41. Statistics Standards for Algebra I/Math I Residuals Why do we need to look at residual plots? Here is an example from Engage NY: The temperature (in degrees Fahrenheit) was measured at various altitudes (in thousands of feet) above Los Angeles. The scatter plot (next slide) seems to show a linear (straight line) relationship between these two quantities. http://www.engageny.org/sites/default/files/resource/attachments/algebra_i-m2-teacher-materials.pdf

42. Statistics Standards for Algebra I/Math I Residuals The graph on the left of altitude vs. temperature appears to be linear. However, look at the residual plot: The residuals indicate there is a non-linear relationship between altitude and temperature. http://www.engageny.org/sites/default/files/resource/attachments/algebra_i-m2-teacher-materials.pdf

43. Statistics Standards for Algebra I/Math I Residuals Example – Snakes! (www.insidemathematics.org) Snake 1 Snake 1 Rita catches 5 more snakes. She wants to know whether they belong to species A or to species B. The measurements of these snakes are shown in the table below.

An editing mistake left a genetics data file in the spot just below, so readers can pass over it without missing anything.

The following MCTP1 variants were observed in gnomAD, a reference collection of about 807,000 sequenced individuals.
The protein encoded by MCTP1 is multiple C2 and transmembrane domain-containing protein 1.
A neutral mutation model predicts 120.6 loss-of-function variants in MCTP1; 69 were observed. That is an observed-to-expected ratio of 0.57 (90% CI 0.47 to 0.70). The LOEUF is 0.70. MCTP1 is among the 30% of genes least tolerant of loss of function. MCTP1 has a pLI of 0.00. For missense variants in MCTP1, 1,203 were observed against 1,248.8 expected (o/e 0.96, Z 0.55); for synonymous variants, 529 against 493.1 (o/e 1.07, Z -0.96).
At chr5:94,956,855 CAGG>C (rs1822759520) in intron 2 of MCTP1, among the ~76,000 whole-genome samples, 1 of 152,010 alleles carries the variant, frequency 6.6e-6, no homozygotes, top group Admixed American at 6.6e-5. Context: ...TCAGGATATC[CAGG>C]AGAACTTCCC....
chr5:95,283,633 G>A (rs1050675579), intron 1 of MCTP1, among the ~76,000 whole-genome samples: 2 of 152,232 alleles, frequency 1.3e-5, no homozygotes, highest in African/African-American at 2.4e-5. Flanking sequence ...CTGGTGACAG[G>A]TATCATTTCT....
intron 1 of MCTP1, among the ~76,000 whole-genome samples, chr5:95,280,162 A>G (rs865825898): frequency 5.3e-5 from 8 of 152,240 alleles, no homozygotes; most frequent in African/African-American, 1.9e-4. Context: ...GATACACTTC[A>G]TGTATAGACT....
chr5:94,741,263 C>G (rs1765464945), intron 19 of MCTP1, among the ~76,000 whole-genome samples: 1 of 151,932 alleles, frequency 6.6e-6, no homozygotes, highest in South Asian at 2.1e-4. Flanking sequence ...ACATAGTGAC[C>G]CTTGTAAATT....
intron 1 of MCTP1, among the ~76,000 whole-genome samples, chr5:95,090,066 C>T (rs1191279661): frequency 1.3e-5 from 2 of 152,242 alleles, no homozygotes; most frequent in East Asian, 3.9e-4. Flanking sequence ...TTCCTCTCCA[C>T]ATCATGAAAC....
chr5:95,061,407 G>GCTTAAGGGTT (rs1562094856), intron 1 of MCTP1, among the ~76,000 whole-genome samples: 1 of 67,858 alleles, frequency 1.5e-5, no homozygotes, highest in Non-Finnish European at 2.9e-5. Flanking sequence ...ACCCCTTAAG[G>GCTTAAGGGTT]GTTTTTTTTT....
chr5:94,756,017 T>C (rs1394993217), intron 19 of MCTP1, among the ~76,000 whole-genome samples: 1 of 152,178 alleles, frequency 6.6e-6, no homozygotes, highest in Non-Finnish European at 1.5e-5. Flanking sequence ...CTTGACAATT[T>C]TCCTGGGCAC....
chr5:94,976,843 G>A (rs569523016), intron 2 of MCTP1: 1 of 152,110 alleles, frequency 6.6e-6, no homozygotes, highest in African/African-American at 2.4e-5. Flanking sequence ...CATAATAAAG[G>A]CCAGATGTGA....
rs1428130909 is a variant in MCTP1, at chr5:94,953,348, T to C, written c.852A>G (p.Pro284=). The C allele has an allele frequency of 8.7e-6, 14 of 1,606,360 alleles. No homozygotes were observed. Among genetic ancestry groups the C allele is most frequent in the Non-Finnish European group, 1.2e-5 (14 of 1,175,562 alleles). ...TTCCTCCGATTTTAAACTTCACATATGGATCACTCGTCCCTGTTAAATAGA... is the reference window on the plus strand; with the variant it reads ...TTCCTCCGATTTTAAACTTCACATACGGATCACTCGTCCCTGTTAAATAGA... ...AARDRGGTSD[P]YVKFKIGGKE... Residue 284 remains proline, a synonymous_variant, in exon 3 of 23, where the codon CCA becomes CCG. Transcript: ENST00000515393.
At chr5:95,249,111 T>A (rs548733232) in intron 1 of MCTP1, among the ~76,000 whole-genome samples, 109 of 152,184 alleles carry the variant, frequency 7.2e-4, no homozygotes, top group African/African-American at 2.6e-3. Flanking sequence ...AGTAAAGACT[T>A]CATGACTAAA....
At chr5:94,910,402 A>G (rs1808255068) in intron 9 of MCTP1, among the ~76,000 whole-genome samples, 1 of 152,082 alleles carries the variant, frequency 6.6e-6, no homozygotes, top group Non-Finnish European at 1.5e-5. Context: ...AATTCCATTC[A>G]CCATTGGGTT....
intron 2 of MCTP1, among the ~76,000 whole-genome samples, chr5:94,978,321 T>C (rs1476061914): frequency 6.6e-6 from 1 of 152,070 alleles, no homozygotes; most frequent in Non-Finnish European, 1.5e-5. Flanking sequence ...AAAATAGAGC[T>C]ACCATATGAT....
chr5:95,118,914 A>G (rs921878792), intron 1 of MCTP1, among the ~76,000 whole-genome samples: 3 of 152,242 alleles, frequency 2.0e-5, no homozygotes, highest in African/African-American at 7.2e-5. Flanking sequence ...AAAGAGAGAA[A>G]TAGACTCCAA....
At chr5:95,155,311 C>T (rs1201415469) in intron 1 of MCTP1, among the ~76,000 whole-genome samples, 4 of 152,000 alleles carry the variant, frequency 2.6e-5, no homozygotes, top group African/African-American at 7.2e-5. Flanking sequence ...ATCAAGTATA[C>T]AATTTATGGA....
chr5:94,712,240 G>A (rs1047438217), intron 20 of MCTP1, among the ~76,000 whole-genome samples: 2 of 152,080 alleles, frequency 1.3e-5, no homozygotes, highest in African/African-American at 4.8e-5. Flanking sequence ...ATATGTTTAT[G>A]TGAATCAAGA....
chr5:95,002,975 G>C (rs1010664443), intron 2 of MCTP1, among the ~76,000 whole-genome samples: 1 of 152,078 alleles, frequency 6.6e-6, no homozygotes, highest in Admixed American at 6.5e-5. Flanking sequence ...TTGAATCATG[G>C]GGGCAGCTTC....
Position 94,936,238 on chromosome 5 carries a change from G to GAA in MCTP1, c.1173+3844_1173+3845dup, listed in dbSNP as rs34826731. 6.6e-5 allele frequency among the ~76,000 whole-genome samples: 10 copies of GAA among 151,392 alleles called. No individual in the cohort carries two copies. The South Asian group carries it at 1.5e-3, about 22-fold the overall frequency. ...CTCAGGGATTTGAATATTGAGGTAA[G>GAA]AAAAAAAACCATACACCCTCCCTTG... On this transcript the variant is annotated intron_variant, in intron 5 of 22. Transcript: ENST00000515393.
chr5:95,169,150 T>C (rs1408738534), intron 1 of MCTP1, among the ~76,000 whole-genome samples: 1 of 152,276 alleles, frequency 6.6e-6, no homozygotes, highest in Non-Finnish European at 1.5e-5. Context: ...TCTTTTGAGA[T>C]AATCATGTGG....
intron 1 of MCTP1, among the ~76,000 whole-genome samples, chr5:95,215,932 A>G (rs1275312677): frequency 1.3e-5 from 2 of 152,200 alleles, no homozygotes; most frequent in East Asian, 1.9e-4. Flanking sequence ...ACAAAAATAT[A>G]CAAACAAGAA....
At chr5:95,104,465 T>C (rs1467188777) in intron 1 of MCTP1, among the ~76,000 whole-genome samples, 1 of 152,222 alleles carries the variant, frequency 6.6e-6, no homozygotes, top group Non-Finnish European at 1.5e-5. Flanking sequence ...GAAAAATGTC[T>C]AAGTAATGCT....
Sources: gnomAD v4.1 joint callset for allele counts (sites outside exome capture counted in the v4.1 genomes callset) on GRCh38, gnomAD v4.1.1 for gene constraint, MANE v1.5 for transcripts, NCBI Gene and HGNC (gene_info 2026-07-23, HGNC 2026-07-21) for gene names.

44. Statistics Standards for Algebra I/Math I Assessing the Fit of a Linear Function To assess the fit of a linear function to a scatterplot consider all of the following: 1. Look at the scatterplot. Does the data appear linear? 2. Look at r-value. What is the strength of the linear relationship between x and y? 3. Look at the residuals. Are they scattered with no discernible pattern?

45. Statistics Standards for Algebra I/Math I Fit a Function to Data and Interpret Linear Models Activities: • Tootsie Pops and Hand Span (This lab allows students to make connections between what they learned in 8th grade about fitting a linear function to data and the Algebra I standards.) • Correlation Activity • If the Shoe Fits This webinar, presented by Daren Starnes, is available at http://www.amstat.org/education/msss/. (The webinar focuses on an activity from Making Sense of Statistical Studies. Permission to share given by Daren Starnes.)

46. Statistics Standards for Algebra I/Math I Fit a Function to Data and Interpret Linear Models Additional Activities: • Crickets (http://www.smarterbalanced.org/wordpress/wp-content/uploads/2012/09/performance-tasks/crickets.pdf) • Snakes – A residual activity from Inside Mathematics (http://www.insidemathematics.org/common-core-math-tasks/high-school/HS-S-2003%20Snakes.pdf) • Iris Activity – An extension activity for residuals